Areas of Operation
Refugee Camps

We provide assistance to refugees in Dadaab and Kakuma camps in Kenya, and in Ali Addeh and Hol Hol camps in Djibouti.


With close to 400,000 inhabitants, the Dadaab refugee camp is the biggest in the world. The first refugee camp was established near Dadaab in 1991, accomodating refugees from the Horn of Africa region. Today, 95 percent of the refugees fled the conflict in Somalia, 4 percent come from Ethiopia and the remaining from other African countries. LWF assists in Education, Peace and Protection, Sustainable Livelihoods, Shelter and Support to people with disabilities.


Located in Turkana County, in the north-western region of Kenya, the Kakuma refugee camp is hosting people displaced by violence in their countries since 1992. Today it accomodates 175,000 people. Half of them fled the conflict in South Sudan, another 32 percent come from Somalia, the others are from Sudan and Ethiopia. The area is prone to dust storms and flooding, making the provision of safe drinking water a major challenge.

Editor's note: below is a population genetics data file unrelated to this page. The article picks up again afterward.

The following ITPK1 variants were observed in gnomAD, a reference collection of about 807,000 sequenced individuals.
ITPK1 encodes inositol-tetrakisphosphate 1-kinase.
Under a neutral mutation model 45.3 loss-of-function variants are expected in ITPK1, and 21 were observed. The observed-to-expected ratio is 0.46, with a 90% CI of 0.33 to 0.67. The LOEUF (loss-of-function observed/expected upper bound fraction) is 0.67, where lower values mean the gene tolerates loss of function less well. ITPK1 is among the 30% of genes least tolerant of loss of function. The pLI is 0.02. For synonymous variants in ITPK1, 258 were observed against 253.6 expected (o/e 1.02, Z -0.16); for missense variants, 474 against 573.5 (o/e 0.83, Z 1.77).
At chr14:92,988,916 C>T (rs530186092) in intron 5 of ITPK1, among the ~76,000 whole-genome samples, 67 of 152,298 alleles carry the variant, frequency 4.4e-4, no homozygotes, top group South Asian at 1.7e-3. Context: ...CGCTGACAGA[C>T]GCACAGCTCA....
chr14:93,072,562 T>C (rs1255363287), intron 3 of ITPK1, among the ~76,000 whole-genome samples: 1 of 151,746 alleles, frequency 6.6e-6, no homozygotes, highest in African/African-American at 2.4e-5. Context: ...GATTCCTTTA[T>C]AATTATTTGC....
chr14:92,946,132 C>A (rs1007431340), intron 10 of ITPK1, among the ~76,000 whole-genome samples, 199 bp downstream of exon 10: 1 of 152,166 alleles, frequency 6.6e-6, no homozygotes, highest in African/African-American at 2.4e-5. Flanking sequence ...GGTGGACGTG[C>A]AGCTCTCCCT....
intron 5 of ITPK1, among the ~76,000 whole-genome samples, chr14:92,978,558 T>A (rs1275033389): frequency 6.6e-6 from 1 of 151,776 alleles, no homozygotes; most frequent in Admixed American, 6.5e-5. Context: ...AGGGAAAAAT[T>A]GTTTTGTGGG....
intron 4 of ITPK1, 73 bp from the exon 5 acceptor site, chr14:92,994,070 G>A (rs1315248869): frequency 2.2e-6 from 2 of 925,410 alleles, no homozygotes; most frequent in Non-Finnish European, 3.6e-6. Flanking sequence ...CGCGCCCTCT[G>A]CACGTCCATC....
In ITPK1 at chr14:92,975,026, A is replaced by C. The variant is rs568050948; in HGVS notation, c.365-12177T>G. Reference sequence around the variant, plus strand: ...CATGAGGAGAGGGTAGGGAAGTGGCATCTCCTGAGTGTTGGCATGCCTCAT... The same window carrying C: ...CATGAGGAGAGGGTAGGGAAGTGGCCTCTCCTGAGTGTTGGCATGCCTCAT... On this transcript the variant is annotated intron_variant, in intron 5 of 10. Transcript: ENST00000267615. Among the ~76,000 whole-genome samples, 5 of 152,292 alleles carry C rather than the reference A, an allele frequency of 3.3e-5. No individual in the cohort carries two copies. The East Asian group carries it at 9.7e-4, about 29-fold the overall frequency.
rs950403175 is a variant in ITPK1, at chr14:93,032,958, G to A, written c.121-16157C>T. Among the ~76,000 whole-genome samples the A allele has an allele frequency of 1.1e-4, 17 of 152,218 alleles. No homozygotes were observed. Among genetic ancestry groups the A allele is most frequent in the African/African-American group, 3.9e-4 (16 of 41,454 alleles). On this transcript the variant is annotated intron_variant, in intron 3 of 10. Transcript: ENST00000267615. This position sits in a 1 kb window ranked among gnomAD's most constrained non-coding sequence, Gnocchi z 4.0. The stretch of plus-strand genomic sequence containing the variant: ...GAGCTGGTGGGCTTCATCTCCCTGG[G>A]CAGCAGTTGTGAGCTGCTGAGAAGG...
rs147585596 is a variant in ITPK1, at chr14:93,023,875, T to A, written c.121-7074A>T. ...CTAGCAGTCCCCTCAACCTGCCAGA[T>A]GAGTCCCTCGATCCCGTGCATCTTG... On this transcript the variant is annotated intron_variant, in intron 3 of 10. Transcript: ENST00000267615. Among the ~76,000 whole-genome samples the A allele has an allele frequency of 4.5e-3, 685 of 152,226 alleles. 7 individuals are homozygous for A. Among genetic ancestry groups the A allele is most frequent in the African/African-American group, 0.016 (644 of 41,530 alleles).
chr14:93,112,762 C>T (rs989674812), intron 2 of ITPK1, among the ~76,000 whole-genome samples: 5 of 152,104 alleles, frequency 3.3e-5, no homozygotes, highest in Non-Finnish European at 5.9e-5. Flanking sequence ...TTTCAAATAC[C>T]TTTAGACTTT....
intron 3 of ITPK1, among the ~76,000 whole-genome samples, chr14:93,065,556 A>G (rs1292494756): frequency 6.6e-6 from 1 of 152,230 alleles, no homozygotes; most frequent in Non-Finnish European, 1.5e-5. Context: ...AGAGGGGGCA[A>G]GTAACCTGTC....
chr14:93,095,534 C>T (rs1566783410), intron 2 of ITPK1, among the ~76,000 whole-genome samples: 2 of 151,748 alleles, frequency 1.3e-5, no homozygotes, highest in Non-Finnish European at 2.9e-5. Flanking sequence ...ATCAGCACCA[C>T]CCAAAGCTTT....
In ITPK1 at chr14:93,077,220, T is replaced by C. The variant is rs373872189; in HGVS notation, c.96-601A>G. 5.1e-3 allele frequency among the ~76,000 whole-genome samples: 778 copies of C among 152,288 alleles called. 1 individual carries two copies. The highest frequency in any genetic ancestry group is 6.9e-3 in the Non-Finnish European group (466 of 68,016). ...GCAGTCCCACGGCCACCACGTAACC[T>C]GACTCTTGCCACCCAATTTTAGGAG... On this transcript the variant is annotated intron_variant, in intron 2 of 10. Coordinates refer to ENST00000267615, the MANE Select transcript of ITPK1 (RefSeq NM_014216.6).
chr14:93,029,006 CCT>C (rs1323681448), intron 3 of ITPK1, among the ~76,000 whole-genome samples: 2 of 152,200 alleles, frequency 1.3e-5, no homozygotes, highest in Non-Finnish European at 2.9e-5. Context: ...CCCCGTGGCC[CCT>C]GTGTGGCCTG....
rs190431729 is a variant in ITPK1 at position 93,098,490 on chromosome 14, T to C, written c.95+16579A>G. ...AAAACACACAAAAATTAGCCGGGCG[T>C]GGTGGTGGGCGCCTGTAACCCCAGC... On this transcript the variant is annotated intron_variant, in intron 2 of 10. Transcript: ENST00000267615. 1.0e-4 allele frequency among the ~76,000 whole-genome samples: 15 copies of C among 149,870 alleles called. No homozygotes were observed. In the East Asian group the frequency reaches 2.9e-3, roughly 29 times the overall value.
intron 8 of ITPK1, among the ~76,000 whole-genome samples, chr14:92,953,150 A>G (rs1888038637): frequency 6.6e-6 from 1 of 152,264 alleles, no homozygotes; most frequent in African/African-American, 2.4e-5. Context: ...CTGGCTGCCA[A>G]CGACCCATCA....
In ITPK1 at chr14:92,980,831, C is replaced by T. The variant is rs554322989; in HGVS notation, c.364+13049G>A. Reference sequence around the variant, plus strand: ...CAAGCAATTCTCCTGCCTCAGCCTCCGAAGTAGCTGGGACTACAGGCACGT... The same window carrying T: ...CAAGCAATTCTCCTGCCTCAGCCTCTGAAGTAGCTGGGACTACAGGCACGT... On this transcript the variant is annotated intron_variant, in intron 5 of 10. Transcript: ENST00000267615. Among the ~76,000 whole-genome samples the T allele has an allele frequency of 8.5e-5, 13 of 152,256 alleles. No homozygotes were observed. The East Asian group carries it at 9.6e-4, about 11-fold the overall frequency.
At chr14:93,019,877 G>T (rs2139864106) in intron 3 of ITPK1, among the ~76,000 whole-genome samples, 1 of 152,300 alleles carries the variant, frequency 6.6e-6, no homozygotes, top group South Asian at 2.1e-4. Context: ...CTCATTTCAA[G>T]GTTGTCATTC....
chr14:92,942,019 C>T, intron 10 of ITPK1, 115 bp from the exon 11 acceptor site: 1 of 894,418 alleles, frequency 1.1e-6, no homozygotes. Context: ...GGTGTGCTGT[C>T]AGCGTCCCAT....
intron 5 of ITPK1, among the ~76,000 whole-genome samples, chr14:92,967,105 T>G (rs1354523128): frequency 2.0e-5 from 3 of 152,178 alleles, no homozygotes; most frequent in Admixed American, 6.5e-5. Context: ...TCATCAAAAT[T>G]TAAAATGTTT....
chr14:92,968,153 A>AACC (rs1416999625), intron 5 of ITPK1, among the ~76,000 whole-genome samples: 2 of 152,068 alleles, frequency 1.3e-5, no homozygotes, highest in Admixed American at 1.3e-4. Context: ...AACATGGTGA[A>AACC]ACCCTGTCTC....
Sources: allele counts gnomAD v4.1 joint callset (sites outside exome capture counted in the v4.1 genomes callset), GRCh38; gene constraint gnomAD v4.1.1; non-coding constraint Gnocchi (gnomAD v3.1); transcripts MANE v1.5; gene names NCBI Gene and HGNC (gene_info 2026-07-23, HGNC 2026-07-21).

Ali Addeh and Hol Hol

Bordering Eritrea in the North, Ethiopia in the West and South, and Somalia in the Southeast, Djibouti has provided shelter for refugees of armed conflict in the past 20 years. The refugee camp of Ali Addeh is located in the South of the country. The small town is host to a refugee camp for 18,000 people, most of them coming from Somalia. In 2011, a second camp was opened near the neighboring village of Hol Hol. That camp accomodates about 2,000 people. LWF assistance focuses mostly on education and livelihood programs.

Camp Statistics

More than half of the population in the refugee camps are under age.
The refugee camp of Dadaab covers more than ten times the space of its host community.
Kakuma is located in an arid region. LWF supplies 60,000 cubic metres of water per month.
swept away by the seasonal flooding of the Tarach river which cuts through Kakuma camp.